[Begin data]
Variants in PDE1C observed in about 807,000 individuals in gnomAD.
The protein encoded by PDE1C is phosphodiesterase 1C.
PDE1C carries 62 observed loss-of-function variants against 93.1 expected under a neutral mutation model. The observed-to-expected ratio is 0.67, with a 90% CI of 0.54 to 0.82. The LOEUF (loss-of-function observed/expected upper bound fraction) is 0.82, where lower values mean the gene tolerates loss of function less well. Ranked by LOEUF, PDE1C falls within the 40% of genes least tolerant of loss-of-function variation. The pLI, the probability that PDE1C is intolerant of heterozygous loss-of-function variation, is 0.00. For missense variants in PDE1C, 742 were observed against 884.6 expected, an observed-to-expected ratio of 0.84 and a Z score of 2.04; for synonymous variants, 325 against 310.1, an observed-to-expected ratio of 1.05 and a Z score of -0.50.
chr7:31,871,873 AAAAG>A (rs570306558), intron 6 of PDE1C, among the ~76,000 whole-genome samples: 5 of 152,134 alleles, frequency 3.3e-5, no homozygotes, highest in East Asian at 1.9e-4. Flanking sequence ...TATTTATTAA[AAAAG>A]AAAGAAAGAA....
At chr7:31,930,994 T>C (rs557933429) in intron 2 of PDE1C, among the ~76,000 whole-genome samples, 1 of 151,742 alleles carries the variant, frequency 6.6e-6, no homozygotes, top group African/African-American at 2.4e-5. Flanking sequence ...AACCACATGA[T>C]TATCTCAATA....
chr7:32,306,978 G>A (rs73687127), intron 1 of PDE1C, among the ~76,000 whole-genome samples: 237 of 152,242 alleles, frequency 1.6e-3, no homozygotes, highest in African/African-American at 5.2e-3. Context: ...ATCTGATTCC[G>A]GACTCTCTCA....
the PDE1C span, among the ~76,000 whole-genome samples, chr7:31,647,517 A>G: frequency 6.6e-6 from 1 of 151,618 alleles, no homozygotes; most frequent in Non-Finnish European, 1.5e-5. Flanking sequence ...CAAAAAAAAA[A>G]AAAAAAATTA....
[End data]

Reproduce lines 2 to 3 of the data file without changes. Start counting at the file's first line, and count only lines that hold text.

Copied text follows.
The protein encoded by PDE1C is phosphodiesterase 1C.
PDE1C carries 62 observed loss-of-function variants against 93.1 expected under a neutral mutation model. The observed-to-expected ratio is 0.67, with a 90% CI of 0.54 to 0.82. The LOEUF (loss-of-function observed/expected upper bound fraction) is 0.82, where lower values mean the gene tolerates loss of function less well. Ranked by LOEUF, PDE1C falls within the 40% of genes least tolerant of loss-of-function variation. The pLI, the probability that PDE1C is intolerant of heterozygous loss-of-function variation, is 0.00. For missense variants in PDE1C, 742 were observed against 884.6 expected, an observed-to-expected ratio of 0.84 and a Z score of 2.04; for synonymous variants, 325 against 310.1, an observed-to-expected ratio of 1.05 and a Z score of -0.50.